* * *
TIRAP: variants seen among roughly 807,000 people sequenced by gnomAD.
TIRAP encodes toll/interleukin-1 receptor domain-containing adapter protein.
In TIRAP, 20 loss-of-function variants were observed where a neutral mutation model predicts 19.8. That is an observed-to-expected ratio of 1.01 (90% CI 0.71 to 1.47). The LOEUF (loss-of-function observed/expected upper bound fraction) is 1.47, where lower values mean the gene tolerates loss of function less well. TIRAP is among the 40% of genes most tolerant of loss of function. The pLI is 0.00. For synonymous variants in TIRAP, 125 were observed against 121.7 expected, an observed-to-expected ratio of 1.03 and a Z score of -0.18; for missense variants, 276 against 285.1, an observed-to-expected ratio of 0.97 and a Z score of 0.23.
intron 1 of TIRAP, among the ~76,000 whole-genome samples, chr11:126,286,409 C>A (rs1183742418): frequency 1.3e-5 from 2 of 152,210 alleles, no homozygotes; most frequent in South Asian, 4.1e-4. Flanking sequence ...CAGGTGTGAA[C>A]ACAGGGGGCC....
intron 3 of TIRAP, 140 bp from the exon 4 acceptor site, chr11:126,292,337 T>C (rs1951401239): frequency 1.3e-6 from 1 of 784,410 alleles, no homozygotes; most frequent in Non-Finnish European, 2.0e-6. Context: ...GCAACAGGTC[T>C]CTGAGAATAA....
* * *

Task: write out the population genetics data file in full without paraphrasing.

TIRAP: variants seen among roughly 807,000 people sequenced by gnomAD.
TIRAP encodes toll/interleukin-1 receptor domain-containing adapter protein.
In TIRAP, 20 loss-of-function variants were observed where a neutral mutation model predicts 19.8. That is an observed-to-expected ratio of 1.01 (90% CI 0.71 to 1.47). The LOEUF (loss-of-function observed/expected upper bound fraction) is 1.47, where lower values mean the gene tolerates loss of function less well. TIRAP is among the 40% of genes most tolerant of loss of function. The pLI is 0.00. For synonymous variants in TIRAP, 125 were observed against 121.7 expected, an observed-to-expected ratio of 1.03 and a Z score of -0.18; for missense variants, 276 against 285.1, an observed-to-expected ratio of 0.97 and a Z score of 0.23.
intron 1 of TIRAP, among the ~76,000 whole-genome samples, chr11:126,286,409 C>A (rs1183742418): frequency 1.3e-5 from 2 of 152,210 alleles, no homozygotes; most frequent in South Asian, 4.1e-4. Flanking sequence ...CAGGTGTGAA[C>A]ACAGGGGGCC....
intron 3 of TIRAP, 140 bp from the exon 4 acceptor site, chr11:126,292,337 T>C (rs1951401239): frequency 1.3e-6 from 1 of 784,410 alleles, no homozygotes; most frequent in Non-Finnish European, 2.0e-6. Context: ...GCAACAGGTC[T>C]CTGAGAATAA....